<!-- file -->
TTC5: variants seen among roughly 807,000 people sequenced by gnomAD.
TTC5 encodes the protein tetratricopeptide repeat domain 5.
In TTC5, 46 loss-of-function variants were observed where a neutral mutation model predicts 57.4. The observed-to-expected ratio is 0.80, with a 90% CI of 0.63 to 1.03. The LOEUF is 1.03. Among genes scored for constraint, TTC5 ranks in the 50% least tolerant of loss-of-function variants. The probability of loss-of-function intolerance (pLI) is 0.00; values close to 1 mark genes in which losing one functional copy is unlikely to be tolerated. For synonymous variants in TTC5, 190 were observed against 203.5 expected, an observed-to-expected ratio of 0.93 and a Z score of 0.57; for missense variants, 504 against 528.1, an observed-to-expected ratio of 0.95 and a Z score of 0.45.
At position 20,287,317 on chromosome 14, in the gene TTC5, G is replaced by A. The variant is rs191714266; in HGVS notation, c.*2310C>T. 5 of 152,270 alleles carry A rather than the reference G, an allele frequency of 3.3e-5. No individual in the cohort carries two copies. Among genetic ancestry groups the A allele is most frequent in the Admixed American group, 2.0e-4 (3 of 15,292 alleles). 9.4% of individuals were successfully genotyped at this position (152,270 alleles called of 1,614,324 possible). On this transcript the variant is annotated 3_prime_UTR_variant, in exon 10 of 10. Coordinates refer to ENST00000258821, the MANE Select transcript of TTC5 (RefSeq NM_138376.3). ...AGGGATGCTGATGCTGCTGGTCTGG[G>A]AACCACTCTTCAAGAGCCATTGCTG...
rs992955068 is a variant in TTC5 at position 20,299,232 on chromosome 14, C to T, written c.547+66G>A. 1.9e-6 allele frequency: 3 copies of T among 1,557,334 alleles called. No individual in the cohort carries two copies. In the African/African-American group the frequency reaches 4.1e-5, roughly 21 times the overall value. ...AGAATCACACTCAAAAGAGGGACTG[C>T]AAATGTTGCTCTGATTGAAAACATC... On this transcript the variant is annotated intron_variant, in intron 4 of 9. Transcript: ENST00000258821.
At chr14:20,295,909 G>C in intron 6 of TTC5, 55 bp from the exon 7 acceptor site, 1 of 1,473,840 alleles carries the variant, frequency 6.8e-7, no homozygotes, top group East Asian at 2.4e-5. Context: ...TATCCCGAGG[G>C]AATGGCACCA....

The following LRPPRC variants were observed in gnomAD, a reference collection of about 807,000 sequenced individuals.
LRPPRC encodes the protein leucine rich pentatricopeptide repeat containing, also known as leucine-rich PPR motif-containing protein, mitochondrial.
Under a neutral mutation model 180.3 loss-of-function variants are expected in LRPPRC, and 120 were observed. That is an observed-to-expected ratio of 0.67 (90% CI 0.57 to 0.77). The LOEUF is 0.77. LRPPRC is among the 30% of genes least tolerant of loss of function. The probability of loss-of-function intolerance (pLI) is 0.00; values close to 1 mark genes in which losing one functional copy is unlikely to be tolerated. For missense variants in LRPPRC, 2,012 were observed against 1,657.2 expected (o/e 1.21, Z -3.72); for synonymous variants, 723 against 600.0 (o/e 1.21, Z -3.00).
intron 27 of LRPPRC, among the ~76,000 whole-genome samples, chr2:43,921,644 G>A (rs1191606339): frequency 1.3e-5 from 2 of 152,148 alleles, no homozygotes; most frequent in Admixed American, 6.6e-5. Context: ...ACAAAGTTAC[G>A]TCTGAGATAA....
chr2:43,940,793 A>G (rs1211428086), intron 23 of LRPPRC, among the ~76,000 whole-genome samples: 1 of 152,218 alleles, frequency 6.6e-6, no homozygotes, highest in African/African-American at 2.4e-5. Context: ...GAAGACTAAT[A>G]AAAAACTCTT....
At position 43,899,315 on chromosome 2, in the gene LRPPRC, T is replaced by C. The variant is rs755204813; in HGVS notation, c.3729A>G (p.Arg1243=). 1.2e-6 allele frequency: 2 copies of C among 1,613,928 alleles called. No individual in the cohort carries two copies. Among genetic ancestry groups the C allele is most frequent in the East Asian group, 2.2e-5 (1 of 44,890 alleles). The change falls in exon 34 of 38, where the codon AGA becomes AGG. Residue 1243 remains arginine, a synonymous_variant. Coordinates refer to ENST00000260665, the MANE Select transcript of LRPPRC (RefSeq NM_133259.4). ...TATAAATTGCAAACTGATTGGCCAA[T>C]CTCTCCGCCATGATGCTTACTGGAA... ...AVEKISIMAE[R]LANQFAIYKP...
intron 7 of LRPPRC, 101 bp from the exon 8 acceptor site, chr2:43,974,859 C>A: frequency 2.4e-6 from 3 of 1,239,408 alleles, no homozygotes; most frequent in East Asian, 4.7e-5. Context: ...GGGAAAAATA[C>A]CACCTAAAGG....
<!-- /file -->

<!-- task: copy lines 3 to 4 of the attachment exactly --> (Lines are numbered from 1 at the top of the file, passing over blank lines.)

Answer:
In TTC5, 46 loss-of-function variants were observed where a neutral mutation model predicts 57.4. The observed-to-expected ratio is 0.80, with a 90% CI of 0.63 to 1.03. The LOEUF is 1.03. Among genes scored for constraint, TTC5 ranks in the 50% least tolerant of loss-of-function variants. The probability of loss-of-function intolerance (pLI) is 0.00; values close to 1 mark genes in which losing one functional copy is unlikely to be tolerated. For synonymous variants in TTC5, 190 were observed against 203.5 expected, an observed-to-expected ratio of 0.93 and a Z score of 0.57; for missense variants, 504 against 528.1, an observed-to-expected ratio of 0.95 and a Z score of 0.45.
At position 20,287,317 on chromosome 14, in the gene TTC5, G is replaced by A. The variant is rs191714266; in HGVS notation, c.*2310C>T. 5 of 152,270 alleles carry A rather than the reference G, an allele frequency of 3.3e-5. No individual in the cohort carries two copies. Among genetic ancestry groups the A allele is most frequent in the Admixed American group, 2.0e-4 (3 of 15,292 alleles). 9.4% of individuals were successfully genotyped at this position (152,270 alleles called of 1,614,324 possible). On this transcript the variant is annotated 3_prime_UTR_variant, in exon 10 of 10. Coordinates refer to ENST00000258821, the MANE Select transcript of TTC5 (RefSeq NM_138376.3). ...AGGGATGCTGATGCTGCTGGTCTGG[G>A]AACCACTCTTCAAGAGCCATTGCTG...